Why I2C (IIC) Type LCD?

If you plan to add a simple readable interface in your next project. alphanumeric LCD may be the most preferred one due to various factors such as low cost, easily programmable, having no limitation of displaying special & even custom characters.

But to use it directly with  a microcontroller, you would need atleast 6 pins – RS, EN, D7, D6, D5, and D4 (with R/W pin permanently grounded for write operation). When you are engaged in a complex project bundled with large number of modules, you may face pin shortage for your microcontroller. In such situations, I2C LCD comes handy making use of only 2 pins (SDA & SCL) to talk to MCU, thereby saving atleast 4 pins. If you already have I2C devices, this LCD module actually uses no more pins at all.

Before moving further, lets see how an LCD can be controlled by I2C. In the image shown above, you can see a backpack module fitted to the back of the LCD. He does the work using an I/O expander PCF8574, that communicates with the micro-controller by I2C.

Remote 8-bit I/O expander PCF8574

The PCF8574 provides general purpose remote I/O expansion for most microcontroller families via the two-line bidirectional bus (I2C-bus). The device consists of an 8-bit quasi-bidirectional port and an I2C-bus interface.

A quasi-bidirectional I/O can be used as an input or output without the use of a control signal for data direction. The PCF8574 has a low current consumption and includes latched outputs with high current drive capability. It also possesses an interrupt line (INT) which can be connected to the interrupt logic of the microcontroller. By sending an interrupt signal on this line, the remote I/O can inform the microcontroller if there is incoming data on its ports without having to communicate via the I2C-bus. This means that the PCF8574 can remain a simple slave device.

I2C LCD Backpack

You can use this with LCD modules that have a HD44780-compatible interface with various screen sizes. The key is that your LCD must have the interface pads in a single row of sixteen, so it matches the pins on the backpack.

As shown in the above image, the backpack has 4 pins namely GND, Vcc, SDA and SCL.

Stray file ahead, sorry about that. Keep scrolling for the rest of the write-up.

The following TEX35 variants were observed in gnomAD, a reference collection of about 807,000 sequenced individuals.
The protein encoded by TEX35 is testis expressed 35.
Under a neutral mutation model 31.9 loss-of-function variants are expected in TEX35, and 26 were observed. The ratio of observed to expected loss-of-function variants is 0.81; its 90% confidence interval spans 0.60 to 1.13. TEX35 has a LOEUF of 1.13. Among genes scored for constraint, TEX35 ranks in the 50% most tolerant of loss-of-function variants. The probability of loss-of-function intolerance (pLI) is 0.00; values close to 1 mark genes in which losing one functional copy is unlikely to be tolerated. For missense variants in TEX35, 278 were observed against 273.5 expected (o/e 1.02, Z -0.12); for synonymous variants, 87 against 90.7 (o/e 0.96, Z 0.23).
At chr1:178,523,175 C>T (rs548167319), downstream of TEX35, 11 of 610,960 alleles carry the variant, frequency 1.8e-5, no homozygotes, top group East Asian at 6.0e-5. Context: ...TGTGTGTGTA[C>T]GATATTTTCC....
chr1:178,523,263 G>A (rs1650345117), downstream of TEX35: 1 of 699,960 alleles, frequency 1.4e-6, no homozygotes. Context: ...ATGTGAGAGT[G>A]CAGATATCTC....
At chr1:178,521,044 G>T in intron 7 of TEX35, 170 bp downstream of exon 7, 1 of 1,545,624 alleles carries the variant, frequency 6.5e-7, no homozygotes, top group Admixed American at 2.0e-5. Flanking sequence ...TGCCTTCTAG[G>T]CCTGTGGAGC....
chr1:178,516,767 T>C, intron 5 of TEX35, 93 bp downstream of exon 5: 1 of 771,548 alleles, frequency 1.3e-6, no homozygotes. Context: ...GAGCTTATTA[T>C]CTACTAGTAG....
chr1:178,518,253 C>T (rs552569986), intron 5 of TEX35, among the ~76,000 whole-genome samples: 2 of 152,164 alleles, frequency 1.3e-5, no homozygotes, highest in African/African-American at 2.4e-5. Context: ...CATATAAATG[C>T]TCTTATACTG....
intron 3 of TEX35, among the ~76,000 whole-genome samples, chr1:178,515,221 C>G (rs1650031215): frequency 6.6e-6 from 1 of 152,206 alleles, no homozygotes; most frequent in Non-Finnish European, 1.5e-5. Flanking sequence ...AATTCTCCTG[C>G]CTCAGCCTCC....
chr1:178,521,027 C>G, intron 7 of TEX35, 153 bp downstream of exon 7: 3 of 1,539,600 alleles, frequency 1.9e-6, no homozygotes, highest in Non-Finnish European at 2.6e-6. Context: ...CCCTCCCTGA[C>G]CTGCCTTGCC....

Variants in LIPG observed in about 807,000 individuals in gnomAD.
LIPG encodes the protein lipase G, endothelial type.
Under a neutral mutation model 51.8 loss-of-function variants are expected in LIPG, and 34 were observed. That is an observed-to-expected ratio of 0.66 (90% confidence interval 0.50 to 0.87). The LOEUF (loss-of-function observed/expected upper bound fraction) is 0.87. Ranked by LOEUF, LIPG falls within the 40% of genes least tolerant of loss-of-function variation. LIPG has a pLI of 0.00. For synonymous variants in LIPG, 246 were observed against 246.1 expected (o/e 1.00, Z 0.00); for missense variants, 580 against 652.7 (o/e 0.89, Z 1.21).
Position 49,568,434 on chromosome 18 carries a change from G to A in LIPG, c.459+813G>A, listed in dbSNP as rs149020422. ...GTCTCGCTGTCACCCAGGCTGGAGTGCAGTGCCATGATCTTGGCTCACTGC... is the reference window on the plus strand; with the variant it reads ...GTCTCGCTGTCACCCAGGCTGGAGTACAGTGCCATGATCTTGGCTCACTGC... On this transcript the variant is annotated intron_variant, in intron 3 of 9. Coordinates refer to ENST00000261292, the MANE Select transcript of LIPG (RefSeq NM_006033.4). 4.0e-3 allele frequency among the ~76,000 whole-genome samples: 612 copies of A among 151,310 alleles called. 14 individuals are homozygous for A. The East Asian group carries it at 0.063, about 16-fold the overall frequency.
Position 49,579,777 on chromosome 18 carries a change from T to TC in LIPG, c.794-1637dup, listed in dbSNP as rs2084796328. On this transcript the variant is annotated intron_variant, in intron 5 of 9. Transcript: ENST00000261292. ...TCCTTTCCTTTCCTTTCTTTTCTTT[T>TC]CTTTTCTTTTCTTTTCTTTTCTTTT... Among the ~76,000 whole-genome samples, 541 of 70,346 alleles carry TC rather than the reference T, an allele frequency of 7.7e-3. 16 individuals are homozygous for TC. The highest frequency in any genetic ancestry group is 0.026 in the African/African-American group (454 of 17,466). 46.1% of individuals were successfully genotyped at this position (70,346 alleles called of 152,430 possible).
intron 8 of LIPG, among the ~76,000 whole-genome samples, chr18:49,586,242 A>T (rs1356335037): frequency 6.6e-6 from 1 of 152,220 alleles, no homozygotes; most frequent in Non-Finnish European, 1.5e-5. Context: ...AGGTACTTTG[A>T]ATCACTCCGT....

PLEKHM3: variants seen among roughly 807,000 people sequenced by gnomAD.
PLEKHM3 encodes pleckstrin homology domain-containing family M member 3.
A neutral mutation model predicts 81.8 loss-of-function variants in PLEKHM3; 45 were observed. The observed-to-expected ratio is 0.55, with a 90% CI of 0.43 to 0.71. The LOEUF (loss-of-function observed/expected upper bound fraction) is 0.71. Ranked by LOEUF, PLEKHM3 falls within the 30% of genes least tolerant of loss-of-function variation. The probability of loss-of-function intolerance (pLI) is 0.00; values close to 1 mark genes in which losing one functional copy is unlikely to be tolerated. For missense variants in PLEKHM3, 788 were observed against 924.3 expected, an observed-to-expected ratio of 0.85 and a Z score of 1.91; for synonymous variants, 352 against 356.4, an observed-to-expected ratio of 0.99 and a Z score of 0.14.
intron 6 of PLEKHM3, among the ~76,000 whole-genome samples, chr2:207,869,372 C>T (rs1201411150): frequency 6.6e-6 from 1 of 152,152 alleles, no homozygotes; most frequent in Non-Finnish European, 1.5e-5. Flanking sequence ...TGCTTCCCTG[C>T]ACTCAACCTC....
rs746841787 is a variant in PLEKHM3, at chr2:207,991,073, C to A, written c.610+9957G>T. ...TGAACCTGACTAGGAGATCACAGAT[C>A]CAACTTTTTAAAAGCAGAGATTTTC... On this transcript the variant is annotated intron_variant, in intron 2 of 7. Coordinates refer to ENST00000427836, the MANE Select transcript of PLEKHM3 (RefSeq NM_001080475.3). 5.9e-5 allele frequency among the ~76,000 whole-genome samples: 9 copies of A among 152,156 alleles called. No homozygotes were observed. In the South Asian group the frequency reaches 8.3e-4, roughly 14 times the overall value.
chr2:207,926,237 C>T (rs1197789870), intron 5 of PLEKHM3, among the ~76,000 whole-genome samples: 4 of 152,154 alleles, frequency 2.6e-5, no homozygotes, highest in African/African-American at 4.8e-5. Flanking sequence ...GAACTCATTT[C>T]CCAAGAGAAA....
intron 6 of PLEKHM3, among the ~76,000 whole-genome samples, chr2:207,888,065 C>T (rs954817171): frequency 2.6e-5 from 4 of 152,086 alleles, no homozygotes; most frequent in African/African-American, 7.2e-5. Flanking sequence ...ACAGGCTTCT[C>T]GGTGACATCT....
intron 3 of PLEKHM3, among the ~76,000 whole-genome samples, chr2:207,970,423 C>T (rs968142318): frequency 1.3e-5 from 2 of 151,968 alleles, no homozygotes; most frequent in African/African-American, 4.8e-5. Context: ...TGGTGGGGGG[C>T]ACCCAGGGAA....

Besides, the backpack has the following key features

  • LED jumper should be in position to turn on the back-light.

  • The blue potentiometer on the backpack bord adjusts contrast. Adjust it to a position where the characters are bright and the background does not have boxes behind the characters.

  • The three hardware address pins A0, A1 and A2 allow eight devices to be on the same I2C-bus. You can change the address of the device according to the status of each of these pins. The default address of the device is 0X3F (with PCF8574AT).

Note that backpack modules centered around PCF8574/PCF8574T (SO16 package of PCF8574 in DIP16 package) have a default slave address of 0×27. For those with PCF8574A/PCF8574AT chip, the default slave address will change to 0x3F. 

Once all the necessary connections are made, you can communicate with LCD using I2C.

Interfacing with Arduino

On Arduino UNO board, SDA (data line) is on analog pin 4, and SCL (clock line) is on analog pin 5. On the newer Arduino UNO (“R3″ layout), the SCL and SDA pins are available as separate pins. If you are using a different board, ensure that you connect the SDA and SCL pins. Power the board with 5V.  The interfacing diagram is shown below.

You can get library from here. Add the library to your Arduino folder. We used the library NewliquidCrystal_1.3.4

Note: If you are using an Arduino board that works in 3.3V level, you need to use a level converter to communicate with the backpack.

Sample code for 16×2 LCD is given below. Upload the sketch to your Arduino board and you can see the LCD working. For 20×4 LCD, use the commented setup and comment the current setup.


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